Monthly Archives: March 2018

Jobless claims fall 12,000 to 215,000 and hit lowest level since 1973

Rapid hiring, low unemployment reflect strong labor market

America works: The U.S. unemployment rate is at a 17-year low and layoffs are near the lowest level in 50 years.

By Jeffry Bartash

The numbers: The rate of layoffs in the U.S. fell again in late March and dropped to the lowest level since 1973.

Initial U.S. jobless claims declined by 12,000 to 215,000 in the seven days ended March 24, the government said Thursday. Economists surveyed by MarketWatch had forecast claims to total 230,000.

The more stable monthly average of claims dipped by 500 to 224,500.

The number of people already collecting unemployment benefits, known as continuing claims, rose by 35,000 to 1.87 million.

Read the full article here.

 

You Can Be Banned From Making Returns at Sephora

The beauty brand is using a service to track customer returns and behavior.

Photo: Jeff Greenberg / Getty Images

By Chavie Lieber

Do you love shopping at Sephora because of the company’s generous and convenient return policy? Well, those returns might not have been as carefree as you thought.

Today, The Wall Street Journal wrote about a service called The Retail Equation, or TRE, which tracks customer returns and gives stores the ability to ban shoppers from returning future items if their return patterns are deemed problematic. According to TRE’s website, over 34,000 stores, including department stores and footwear, jewelry, and fashion brands, use the service. And while it doesn’t list the full roster of clients, the Journal confirmed some of the stores that use the service include Best Buy, the Home Depot, Victoria’s Secret, J.C. Penney… and Sephora.

For years, there have been suspicions and rumors on beauty message boards that Sephora bans shoppers who return things too frequently. Officially, Sephora allows returns, both opened and unopened, within 60 days of purchase, and items without a receipt are accepted in exchange for store credit. But shoppers have recently been sharing on Reddit that they were banned from returning products at Sephora, with or without receipts, and the Journal’s report about Sephora’s official partnership with TRE confirms every shoppers’ worst fears. Sephora confirmed shoppers with egregious return habits could see consequences, issuing the following statement to Racked:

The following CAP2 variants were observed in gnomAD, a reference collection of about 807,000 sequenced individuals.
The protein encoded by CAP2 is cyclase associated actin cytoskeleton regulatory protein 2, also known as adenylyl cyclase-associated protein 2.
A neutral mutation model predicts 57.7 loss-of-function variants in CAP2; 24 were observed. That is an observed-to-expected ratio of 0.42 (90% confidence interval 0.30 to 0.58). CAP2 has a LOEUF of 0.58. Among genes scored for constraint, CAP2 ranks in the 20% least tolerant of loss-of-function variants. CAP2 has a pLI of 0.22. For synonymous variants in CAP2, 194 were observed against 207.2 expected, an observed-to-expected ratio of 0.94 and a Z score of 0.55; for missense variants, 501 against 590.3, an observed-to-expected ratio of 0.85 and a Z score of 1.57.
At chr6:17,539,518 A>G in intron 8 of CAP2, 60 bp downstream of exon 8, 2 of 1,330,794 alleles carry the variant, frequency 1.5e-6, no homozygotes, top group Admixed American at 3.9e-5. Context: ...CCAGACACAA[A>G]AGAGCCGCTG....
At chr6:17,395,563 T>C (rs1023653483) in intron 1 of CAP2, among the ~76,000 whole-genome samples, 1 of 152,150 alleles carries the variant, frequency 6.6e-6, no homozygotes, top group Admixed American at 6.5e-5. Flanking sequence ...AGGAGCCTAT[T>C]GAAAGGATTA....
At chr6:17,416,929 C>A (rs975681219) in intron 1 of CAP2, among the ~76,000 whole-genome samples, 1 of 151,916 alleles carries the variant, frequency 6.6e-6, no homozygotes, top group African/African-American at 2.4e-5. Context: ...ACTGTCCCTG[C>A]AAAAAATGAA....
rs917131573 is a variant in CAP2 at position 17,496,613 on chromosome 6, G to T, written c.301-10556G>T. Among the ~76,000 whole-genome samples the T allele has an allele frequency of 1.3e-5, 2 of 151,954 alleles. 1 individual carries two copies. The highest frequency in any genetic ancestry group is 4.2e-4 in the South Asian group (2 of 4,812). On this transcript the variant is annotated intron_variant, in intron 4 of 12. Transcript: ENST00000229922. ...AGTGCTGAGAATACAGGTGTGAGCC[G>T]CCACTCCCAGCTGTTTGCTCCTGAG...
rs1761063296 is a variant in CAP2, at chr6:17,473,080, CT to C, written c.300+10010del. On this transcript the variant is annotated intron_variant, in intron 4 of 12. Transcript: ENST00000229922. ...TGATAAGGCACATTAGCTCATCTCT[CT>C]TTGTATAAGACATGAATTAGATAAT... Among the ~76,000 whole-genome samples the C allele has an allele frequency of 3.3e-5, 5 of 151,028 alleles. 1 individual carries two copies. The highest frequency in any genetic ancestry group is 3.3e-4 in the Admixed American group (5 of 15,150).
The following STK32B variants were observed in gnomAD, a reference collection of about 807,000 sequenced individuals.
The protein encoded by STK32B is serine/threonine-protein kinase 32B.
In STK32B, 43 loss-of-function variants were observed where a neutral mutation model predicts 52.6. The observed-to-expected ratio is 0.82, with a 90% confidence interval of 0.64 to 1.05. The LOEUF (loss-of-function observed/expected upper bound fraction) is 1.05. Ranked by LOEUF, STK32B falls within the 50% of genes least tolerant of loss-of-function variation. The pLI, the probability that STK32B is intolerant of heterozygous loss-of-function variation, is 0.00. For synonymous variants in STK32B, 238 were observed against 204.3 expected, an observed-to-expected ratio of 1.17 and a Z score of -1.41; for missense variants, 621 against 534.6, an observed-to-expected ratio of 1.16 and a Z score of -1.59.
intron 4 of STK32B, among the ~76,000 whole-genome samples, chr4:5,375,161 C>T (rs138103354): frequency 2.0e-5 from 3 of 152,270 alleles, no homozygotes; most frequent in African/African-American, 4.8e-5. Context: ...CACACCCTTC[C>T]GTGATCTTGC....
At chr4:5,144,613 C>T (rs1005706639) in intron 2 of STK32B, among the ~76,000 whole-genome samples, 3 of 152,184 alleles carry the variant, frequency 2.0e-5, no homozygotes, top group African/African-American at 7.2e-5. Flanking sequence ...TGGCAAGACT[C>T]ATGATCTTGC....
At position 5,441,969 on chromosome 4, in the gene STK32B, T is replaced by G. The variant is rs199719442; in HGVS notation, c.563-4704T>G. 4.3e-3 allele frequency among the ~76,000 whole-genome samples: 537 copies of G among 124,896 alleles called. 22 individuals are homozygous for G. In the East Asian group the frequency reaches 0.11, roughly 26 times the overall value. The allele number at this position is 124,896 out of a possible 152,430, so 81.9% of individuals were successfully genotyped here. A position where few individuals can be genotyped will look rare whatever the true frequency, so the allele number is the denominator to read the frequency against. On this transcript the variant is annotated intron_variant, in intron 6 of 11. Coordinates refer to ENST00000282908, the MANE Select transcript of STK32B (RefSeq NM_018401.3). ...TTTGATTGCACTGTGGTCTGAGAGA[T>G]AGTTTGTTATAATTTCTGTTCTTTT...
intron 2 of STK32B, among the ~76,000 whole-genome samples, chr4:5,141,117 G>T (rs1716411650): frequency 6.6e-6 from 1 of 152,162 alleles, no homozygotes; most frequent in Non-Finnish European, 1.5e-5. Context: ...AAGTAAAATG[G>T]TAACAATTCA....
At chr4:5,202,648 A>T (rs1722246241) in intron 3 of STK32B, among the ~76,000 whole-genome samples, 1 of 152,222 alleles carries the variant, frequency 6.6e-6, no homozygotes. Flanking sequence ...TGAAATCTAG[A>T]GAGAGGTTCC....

Sephora is dedicated to providing all of our customers with an excellent shopping experience. We make every effort to accommodate returns, but a small fraction of customers take advantage of our policy, in many cases returning more than twice as much merchandise as they purchase. This limits product selection and unfairly impacts other clients. When we identify excessive return patterns, we notify those customers that we may limit future returns or exchanges if no proof of purchase is provided.

Read the full article here

Keith Speers of the U.S. Postal Inspection Service tracked down a scammer who employed 300 phantom accomplices. RYAN GIBSON FOR THE WALL STREET JOURNAL

Source: Thinkstock

By Peter Rudegeair and AnnaMaria Andriotis

From a townhouse near a megachurch in Atlanta, Kelvin Lyles recruited about 300 accomplices to embark on a crime spree. His group scammed ATMs, internet retailers and credit-card companies, grabbing around $350,000, until late 2015, when federal agents closed in.

Mr. Lyles was the only one convicted. None of his accomplices existed.

In a twist on ID theft, criminals are deploying figments of their imaginations, in what is often called synthetic-identity fraud. It’s one of the fastest growing forms of identity crimes, the Justice Department says, and among the hardest to combat.

Because the person taking out cards or loans isn’t real, there are no consumer victims to alert lenders. When companies and law enforcement discover something amiss, they often wind up chasing ghosts. Mr. Lyles secured credit cards often using fictional names and numbers the Social Security Administration hadn’t yet assigned.

Read the full article here.

 

U.S. Jobless Claims Hit Lowest Level Since 1969

Initial claims, a proxy for layoffs across the U.S., fell to 210,000 in the week ended Feb. 24

Job seekers filling out applications at a job fair in Meridian, Miss., on Feb. 8. PHOTO: PAULA MERRITT/ASSOCIATED PRESS

By Ben Leubsdorf

WASHINGTON—The number of Americans filing new applications for unemployment benefits fell last week to the lowest level since December 1969, offering fresh evidence of health in the labor market.

Initial jobless claims, a proxy for layoffs across the U.S., declined by 10,000 to a seasonally adjusted 210,000 in the week ended Feb. 24, the Labor Department said Thursday. That was the lowest reading for initial claims since the week ended Dec. 6, 1969. “Claims remain historically low—indeed, they are still falling—consistent with the trend in employment growth remaining more than strong enough to keep the unemployment rate trending down,” said Jim O’Sullivan, chief U.S. economist at High Frequency Economics, in a note to clients.

Economists surveyed by The Wall Street Journal had expected 225,000 new claims last week.

Read the full article here.